Tardive dyskinesia (TD) is a potentially permanent side effect of drugs used to control schizophrenia and other psychoses. This late-developing (tardy, or tardive) complication consists of annoying, mostly uncontrollable movements (dyskinesias). Typical symptoms include repetitive sucking or blinking, slow twisting of the hands, or other movements of the face and limbs. TD can cause tremendous social embarrassment to particularly vulnerable individuals.

Several different theories have been proposed for the development of TD.1 According to one, long-term treatment with antipsychotic drugs causes the brain to become overly sensitive to the neurotransmitter dopamine, resulting in abnormal movements. According to another, imbalances among different neurotransmitters can cause or aggravate symptoms. In a third theory, TD may arise in part from damage to the brain caused by free radicals generated by schizophrenia treatments. All of these theories may contain some truth.

Unfortunately, discontinuing medication that caused TD usually doesn’t help, and may even worsen the dyskinesia as well as the underlying schizophrenia.2 Drugs such as L-dopa and oxypertine may improve TD but present their own significant risk of side effects. Fortunately, newer medications for schizophrenia that are less likely to cause TD have been developed in recent years.

Vitamin E

Vitamin E is an antioxidant, a substance that works to neutralize free radicals in the body. As noted above, it has been suggested that free-radicals may play a role in TD. If this is true, it makes sense that vitamin E might help prevent or treat the condition.

Between 1987 and 1998, at least five double-blind studieswere published which indicated that vitamin E was beneficial in treating TD.3,4Although most of these studies were small and lasted only 4 to 12 weeks, one 36-week study enrolled 40 people.5Three small double-blind studies reported that vitamin E was not helpful.6,7Nonetheless, a statistical analysis of the double-blind studies done before 1999 found good evidence that vitamin E was more effective than placebo.8Most studies found that vitamin E worked best for TD of more recent onset.9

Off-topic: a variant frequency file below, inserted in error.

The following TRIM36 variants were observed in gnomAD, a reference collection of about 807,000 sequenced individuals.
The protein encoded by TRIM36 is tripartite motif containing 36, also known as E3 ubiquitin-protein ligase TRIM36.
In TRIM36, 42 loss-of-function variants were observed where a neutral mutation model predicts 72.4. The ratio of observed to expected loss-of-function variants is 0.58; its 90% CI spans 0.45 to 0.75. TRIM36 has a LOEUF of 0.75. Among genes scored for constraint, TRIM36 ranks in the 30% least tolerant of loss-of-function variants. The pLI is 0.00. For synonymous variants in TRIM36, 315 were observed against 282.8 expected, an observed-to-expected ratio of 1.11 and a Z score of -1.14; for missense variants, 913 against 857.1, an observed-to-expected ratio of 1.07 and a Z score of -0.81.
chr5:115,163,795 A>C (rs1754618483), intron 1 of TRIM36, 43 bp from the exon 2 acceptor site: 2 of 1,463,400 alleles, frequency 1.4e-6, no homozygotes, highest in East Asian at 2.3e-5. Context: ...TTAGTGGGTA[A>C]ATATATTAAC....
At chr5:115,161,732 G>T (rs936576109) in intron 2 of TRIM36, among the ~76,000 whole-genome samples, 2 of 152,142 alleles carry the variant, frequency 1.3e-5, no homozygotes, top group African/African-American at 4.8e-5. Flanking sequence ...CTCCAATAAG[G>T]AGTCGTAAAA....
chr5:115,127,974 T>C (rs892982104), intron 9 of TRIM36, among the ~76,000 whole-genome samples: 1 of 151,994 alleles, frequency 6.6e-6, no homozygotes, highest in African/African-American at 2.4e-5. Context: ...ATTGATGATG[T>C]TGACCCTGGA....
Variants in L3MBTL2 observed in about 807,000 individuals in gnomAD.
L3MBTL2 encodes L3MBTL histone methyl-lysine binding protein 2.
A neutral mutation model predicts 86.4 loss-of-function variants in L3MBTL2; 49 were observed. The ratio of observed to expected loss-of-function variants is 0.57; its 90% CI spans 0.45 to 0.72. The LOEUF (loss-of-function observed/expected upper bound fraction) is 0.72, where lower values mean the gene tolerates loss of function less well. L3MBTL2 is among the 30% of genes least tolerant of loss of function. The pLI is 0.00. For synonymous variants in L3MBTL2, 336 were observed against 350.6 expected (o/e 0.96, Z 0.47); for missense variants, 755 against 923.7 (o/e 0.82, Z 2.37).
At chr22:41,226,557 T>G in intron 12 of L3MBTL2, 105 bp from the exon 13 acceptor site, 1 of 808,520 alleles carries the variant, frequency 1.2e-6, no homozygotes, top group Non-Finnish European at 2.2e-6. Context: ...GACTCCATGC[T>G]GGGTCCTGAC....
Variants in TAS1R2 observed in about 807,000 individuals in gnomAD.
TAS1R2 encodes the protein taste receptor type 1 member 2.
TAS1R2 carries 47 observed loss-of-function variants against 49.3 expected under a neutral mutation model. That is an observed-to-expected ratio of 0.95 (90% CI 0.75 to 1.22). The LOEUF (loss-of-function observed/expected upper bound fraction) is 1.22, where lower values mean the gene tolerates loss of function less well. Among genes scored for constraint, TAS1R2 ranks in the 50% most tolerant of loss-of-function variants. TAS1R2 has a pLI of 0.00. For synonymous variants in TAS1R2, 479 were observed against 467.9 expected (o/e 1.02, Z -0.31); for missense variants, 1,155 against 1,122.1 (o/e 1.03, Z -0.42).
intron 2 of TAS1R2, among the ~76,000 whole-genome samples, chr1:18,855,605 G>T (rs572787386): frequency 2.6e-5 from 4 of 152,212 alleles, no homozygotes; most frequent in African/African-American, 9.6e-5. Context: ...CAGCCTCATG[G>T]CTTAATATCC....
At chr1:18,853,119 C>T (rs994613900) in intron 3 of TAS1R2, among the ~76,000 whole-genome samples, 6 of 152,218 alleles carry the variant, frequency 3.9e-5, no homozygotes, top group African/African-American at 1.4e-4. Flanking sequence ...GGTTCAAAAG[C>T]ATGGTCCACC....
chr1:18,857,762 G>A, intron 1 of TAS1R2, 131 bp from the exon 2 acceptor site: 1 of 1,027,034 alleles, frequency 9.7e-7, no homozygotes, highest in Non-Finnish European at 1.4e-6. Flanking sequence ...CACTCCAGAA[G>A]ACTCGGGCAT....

However, in 1999, the picture on vitamin E changed with the publication of one more study—the largest and longest to date.10 This double-blind study included 107 participants from nine different research sites who took 1,600 IU of vitamin E or placebo daily for at least 1 year. In contrast to most of the previous studies, this trial failed to find vitamin E effective for decreasing TD symptoms.

Why the discrepancy between this study and the earlier ones? The researchers, some of whom had worked on the earlier, positive studies of vitamin E, were at pains to develop an answer.11,12 They proposed a number of possible explanations. One was that the earlier studies were too small or too short to be accurate, and that vitamin E really didn’t help at all. Another was the most complicated: that vitamin E might help only a subgroup of people who had TD—those with milder TD symptoms of more recent onset—and that fewer of these people had participated in the latest study. They also pointed to changes in schizophrenia treatment since the last study was done, including the growing use of antipsychotic medications that do not cause TD.

The bottom line: The effectiveness of vitamin E for a given person is simply not known. Given the lack of other good treatments for TD, and the general safety of the vitamin, it may be worth discussing with your physician.

For more information, including dosage and safety issues, see the full vitamin E article.